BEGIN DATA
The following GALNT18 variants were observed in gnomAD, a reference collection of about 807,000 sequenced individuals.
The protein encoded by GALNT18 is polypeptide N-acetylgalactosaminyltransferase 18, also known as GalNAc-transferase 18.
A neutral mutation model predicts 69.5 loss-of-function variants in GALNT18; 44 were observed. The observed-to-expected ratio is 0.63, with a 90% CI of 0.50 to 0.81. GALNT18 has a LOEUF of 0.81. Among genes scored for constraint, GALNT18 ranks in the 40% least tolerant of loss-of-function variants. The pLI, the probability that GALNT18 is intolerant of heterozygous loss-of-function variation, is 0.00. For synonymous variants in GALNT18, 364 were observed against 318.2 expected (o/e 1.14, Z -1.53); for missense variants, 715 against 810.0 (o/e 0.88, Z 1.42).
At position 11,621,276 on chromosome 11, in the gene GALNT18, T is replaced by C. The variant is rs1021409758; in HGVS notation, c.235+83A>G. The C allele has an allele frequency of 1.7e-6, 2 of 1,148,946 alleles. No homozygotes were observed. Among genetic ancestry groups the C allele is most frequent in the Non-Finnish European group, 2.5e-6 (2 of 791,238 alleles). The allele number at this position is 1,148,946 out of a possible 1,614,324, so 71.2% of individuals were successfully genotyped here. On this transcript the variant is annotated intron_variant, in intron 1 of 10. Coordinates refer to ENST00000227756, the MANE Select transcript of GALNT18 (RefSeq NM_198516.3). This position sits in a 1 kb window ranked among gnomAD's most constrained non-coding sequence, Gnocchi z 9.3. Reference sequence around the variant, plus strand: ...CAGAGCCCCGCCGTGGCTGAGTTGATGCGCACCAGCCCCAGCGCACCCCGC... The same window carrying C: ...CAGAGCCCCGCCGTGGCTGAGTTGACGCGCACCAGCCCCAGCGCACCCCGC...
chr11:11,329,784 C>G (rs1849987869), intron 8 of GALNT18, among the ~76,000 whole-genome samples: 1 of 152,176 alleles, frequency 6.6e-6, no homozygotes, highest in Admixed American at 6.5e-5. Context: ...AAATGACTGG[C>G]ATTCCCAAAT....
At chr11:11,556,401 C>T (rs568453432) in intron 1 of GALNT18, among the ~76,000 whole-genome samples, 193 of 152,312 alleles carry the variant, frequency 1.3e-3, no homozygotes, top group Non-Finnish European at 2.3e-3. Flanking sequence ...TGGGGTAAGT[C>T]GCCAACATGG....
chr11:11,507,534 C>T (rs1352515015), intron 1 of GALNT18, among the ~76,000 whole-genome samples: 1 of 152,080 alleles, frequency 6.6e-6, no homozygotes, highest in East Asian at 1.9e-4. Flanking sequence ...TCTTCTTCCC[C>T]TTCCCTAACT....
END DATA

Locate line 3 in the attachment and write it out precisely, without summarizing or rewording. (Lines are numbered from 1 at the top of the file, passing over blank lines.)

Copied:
A neutral mutation model predicts 69.5 loss-of-function variants in GALNT18; 44 were observed. The observed-to-expected ratio is 0.63, with a 90% CI of 0.50 to 0.81. GALNT18 has a LOEUF of 0.81. Among genes scored for constraint, GALNT18 ranks in the 40% least tolerant of loss-of-function variants. The pLI, the probability that GALNT18 is intolerant of heterozygous loss-of-function variation, is 0.00. For synonymous variants in GALNT18, 364 were observed against 318.2 expected (o/e 1.14, Z -1.53); for missense variants, 715 against 810.0 (o/e 0.88, Z 1.42).